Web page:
Nonprofits are required to submit their financial statements and other information — including the salaries of directors, officers, and key employees — to the IRS. (For information on who is considered a key employee, see IRS Form 990 and its instructions.)

 

The IRS and nonprofits themselves are required to disclose the information on Form 990 to anyone who asks.Nonprofits must allow public inspection of these records during regular business hours at theirprincipal offices. However, many people won’t even need to ask — a number of websites make Forms 990 available for the searching, including the Foundation Center at http://fdncenter.org and GuideStar at www.guidestar.org.

 

People can also request information from the IRS by writing a letter, including the name of the organization, the year, and the type of tax return requested, and send it to:

Commissioner of Internal Revenue
Attn: Freedom of Information Reading Room
1111 Constitution Avenue, NW
Washington, DC 20224

 

NCHA FINANCES:

Even though the NCHA is a non-profit, their finances seem to be headed downhill, which is requiring the association to try to raise more money, of course from the members. They are currently raising their membership dues to $145 per year. Unfortunately this is not how you balance the books. This only runs  people out of the horse industry!  In other words, the members suffer because of mismanagement.

 

During their Aug. 6-8 Executive Committee meeting, it was pointed out that they need to get a better handle on cash flow; accounts receivables are solid but the timing of payment needs to be recognized in order that there are no cash flow shortfalls. For example, NCHA is still awaiting the reimbursement from the MERP fund for the 2017 Futurity. There isn’t a question of whether NCHA will receive the funds, it’s simply a matter of when the funds will be disbursed by MERP (Texas’ Major Event Reimbursement Program).

 

A discussion ensued regarding a method for NCHA to fund the current cash flow shortage citing three options: the liquidation of investments, requesting from our bankers, Frost Bank, a margin loan against our investments or opening a line of credit.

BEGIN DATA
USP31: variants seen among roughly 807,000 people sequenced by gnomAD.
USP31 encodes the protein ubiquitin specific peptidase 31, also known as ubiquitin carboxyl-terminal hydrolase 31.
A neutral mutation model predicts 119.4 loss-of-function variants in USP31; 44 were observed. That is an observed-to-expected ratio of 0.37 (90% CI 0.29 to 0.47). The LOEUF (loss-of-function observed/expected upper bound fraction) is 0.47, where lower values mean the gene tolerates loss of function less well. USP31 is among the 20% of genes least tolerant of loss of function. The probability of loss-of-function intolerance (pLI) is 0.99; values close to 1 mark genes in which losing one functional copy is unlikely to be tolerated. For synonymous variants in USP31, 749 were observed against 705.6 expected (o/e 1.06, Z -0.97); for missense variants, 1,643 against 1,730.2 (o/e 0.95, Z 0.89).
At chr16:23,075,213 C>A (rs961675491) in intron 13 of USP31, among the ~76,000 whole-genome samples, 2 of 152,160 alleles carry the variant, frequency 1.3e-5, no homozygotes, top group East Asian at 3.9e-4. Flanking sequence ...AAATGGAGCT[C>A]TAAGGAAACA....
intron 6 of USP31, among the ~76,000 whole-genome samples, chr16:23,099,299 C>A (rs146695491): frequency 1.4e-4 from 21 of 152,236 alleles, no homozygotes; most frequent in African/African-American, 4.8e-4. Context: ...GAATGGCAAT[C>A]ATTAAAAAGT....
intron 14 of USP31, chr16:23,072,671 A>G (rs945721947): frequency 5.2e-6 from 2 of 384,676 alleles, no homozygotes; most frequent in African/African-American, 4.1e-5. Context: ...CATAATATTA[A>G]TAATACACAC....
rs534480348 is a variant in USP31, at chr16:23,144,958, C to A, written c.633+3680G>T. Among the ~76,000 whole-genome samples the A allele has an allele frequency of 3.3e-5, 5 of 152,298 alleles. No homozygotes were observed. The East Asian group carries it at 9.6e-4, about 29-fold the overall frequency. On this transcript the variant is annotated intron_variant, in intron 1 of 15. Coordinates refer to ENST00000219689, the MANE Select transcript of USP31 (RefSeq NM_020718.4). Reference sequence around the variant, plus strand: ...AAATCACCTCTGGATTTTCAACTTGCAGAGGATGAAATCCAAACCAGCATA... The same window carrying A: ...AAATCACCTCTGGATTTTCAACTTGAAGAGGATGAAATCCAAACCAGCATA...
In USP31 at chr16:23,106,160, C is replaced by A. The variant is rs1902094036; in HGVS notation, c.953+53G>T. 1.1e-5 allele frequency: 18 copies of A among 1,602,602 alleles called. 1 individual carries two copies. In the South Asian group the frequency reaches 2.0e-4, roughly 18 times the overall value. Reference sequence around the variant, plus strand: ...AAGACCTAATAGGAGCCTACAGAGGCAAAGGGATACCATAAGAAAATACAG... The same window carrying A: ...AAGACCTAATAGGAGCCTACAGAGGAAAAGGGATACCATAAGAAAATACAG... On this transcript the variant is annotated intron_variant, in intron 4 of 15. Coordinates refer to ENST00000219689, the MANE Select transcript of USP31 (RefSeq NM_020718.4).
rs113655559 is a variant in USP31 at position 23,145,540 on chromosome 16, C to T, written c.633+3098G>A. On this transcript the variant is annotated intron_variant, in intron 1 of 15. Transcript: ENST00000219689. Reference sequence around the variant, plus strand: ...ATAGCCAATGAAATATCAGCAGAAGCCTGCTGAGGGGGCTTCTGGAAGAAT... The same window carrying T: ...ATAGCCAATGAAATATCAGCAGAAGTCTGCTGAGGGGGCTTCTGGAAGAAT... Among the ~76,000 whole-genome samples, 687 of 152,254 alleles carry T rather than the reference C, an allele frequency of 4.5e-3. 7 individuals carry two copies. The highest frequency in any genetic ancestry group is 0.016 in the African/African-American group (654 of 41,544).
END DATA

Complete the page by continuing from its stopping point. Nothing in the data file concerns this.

Cutting down on their internal costs was not a choice! Rather charging the members and their employees more for their services was their choice!

 

As a part of this cash shortage, the NCHA passed a motion to charge the box seat holders from last year $1,890.00, to this year $5,000.00 for same seats, boxes with 8 seats to $5,500. This increase would include box seats for all three Triple Crown events: Futurity, Super Stakes and Summer Spectacular.

 

It was also passed that all vendors currently outside the Will Rogers Coliseum for all Triple Crown events, be moved inside the John Justin Building with the exception of horse spas and cleaning trailers.

 

The NCHA is also exploring methods to reduce the amount of money NCHA spends on very costly benefits on an annual basis for employees by a change of the insurance plan design, change of carriers, wellness incentives, cost-sharing plans, etc.

 

Also it was passed that there would be increases in the various levels of NCHA membership. Life Membership will no longer to offered as of August 7, 2018. For 2019 memberships, all members will pay $145 and will include Amateur and non-pro members but that amount will not include trainer’s fees. Amateur and Non-Pro fees will be $25. Trainer fees will be $125 with PAC, $25 without PAC in addition to membership fee.  It was later passed that a fee of $145 would include the cost of the trainer’s card or non-pro/amateur card. Existing life members with amateur and non-pro fee will be $25 annually. Existing Life Non-Pro fee will be $400.

 

All new memberships are free for one year and include online Chatter only. All former members who have been members for 3 years will also receive a one-year free membership that includes the Chatter online only. It was later reviewed and when the numbers were run, it would mean approximately $30,000 to $35,000 NCHA would not recognize on an annual basis. My question: “Had the numbers never been run before?”

 

As of 2019, one printed Chatter will be sent per household and printed rulebooks will be sent to current affiliates trainers, judges, certified secretaries and amateurs/non-pros, the goal being to print fewer copies. All others can request a copy. My question is: How will the members know and adhere to the rules if they don’t get a rulebook? How about putting a copy on their website for members to copy.

 

A discussion ensued regarding a method for NCHA to fund the current cash flow shortage citing three options: the liquidation of investments, requesting from our bankers, Frost Bank, a margin loan against our investments or opening a line of credit.